Friday, we returned to Muriel’s for my favorite lunch salad, the Shrimp and Jumbo Lump Crab Salad with asparagus, mixed greens and lime-mango vinaigrette ($16.50). Because the film community here is so much smaller than L.A., you end up working with the same people over and over. I met Wendy from the wardrobe department when we were both working on Loft last year. Now, we’re doing Django Unchained together after enjoying going to Saints games, festivals and concerts together for the last year, so she joined us for lunch. We all split a Pain Perdu Bread Pudding with candied pecans and rum sauce ($8.00) and a Flourless Chocolate Cake with creme anglaise and raspberry coulis ($8.00) for a sweet ending to a great meal.
Running with the theme of eating ourselves silly, we had supper at Venezia in Mid-City, a traditional Italian family-friendly restaurant featuring favorites like Spaghetti and Meatballs. Though the heaping portions are tasty, the real reason we go to Venezia is to have dessert down the street at Angelo Brocato’s. A quaint Italian ice cream parlor and confection shop established in 1905, they sell the best Almond Macaroons I’ve had since when I lived near Vaccaro’s in Baltimore’s Little Italy.
Mom’s last weekend in town started with a stroke of great fortune as she was, once again, invited to watch The Roots of Music kids rehearse. After my mom and niece’s last action-packed visit that included them working a day on the movie Brawler, they both said their favorite thing was watching The Roots of Music kids being put through their paces. This wonderful non-profit offers music history, theory and lessons as well as tutoring, a hot meal and a ride home to over 100 children. Their talented and disciplined marching band is a highlight during Mardi Gras season so it was great witnessing the work that goes into those perfected performances.
It was also time for the annual Vieux To Do and it’s amazing Creole Tomato Fest. Creole Tomatoes are defined by their growing conditions rather than their seed strain. To be a true Creole Tomato, it must be grown in the soil and climate of the southern-Louisiana river parishes. Giant and meaty, I remember my MawMaw plucking them from the vine in her backyard. She’d cut them and sprinkle a little salt which would dissolve into the sun-heated slices. It’s still one of my favorite things to eat.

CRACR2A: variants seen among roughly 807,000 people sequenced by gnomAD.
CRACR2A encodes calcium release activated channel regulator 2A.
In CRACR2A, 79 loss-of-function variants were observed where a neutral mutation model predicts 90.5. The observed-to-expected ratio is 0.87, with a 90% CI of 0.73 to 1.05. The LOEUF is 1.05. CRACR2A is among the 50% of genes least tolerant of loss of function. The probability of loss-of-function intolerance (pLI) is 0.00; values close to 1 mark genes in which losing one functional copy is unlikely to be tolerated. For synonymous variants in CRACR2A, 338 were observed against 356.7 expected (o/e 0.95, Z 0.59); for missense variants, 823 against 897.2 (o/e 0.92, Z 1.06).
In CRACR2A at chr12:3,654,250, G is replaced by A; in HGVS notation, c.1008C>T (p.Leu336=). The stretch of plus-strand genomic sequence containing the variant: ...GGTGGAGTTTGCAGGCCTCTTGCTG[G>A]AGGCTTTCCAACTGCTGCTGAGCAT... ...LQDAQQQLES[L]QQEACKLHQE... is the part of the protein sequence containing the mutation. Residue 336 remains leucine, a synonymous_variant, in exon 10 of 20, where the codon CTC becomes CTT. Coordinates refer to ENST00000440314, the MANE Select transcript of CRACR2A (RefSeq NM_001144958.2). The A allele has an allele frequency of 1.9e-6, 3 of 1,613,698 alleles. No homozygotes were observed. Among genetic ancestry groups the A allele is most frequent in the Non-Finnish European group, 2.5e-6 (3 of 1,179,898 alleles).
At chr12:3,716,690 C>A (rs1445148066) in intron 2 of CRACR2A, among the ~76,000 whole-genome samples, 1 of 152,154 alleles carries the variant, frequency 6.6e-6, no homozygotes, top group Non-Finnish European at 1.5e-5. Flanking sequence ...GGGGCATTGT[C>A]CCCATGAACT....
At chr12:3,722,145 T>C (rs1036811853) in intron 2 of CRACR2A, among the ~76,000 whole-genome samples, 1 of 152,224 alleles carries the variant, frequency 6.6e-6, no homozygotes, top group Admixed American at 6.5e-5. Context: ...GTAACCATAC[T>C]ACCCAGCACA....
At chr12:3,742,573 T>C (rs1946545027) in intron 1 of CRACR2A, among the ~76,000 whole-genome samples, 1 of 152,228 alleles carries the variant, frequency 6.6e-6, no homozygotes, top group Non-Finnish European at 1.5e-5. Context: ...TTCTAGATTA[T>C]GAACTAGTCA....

Food highlights included the Sliced Creole Tomatoes topped w/lump crabmeat and Remoulade Dressing ($7) from the friendly folks at George’s Farmers’ Market as well as a return of my favorite dish from last year. I actually clapped and skipped when I saw the Covey Rise Farm booth sitting just where it had last year and offering the same amazing Heirloom Tomato Salad ($8). To call the colorful plate of greens and veggies “fresh” is to understate the exuberance of flavor packed into just one piece of lettuce. One of theses days, I’m going to have to try their restaurant and explore the grounds of their 400 acres of wilderness in Husser, LA.
Next up was the new consignment shop, Bon Castor in the Bywater in search of another Kaia original painting. Kaia Martin-Paternoster is a 12 year-old painter who I first met last year at Chaz Fest. She calls her charming big-eyed square-headed characters “dudes and dudettes.” This year, we snagged her annual portrait of Washboard Chaz and I was eager to see what else she might have. I left thrilled with my latest acquisition from this young talent and impressed with owner, Amy Knoll’s shop. It seems like everyone in New Orleans knows their way around crafting and has the whimsy and imagination to create something worth selling. Amy has an eye for spotting an eclectic cornucopia of voices in jewelry, artwork, chotchkies and clothing. I even spotted a few garments by Bearded Oyster Mother Shucker, Katrina Brees.
Our last big dinner was my stepdad’s choice, Ruth’s Chris Steak House. The chain was founded by New Orleanian, Ruth Fertel in 1965 when she mortgaged her house to buy a corner steak house. In 1975, she opened her first franchise, a Ruth’s Chris in Baton Rouge. By 1985, there were Ruth’s Chris’ all over the world, including Hong Kong. Ruth passed in 2002, but her humble corner steak house has become a publicly traded company of over 100 locations and is considered the “world’s largest fine dining company.” My filet of corn-fed Midwestern beef was outstanding, tender and flavorful. I also enjoyed my Harvest Salad of mixed greens with roasted corn, dried cherries, crispy bacon and tomatoes in a white balsamic vinaigrette, topped with goat cheese and Cajun pecans. It was the culinary grand finalé of a truly great week of eating.
Sunday, our last day, we joined some of the Django Unchained cast and crew for a movie screening from Quentin’s private collection. By the time we got out, the rain storm had ended and we headed down to the Creole Tomato Fest at closing time for a light bite. I bought a giant sack of tomatoes for $5 then we all had another helping of the Creole Tomatoes with lump crabmeat and remoulade from George’s.
I’m always sad to see my mother go, but it’s so wonderful to share my city with her and her husband – who was open to trying anything once, twice if he liked it. For Mom, New Orleans is filled with memories, including being courted by my dad when they were students at LSU. It’s a nice reminder that, if not for the magic of this city, I might never have been born.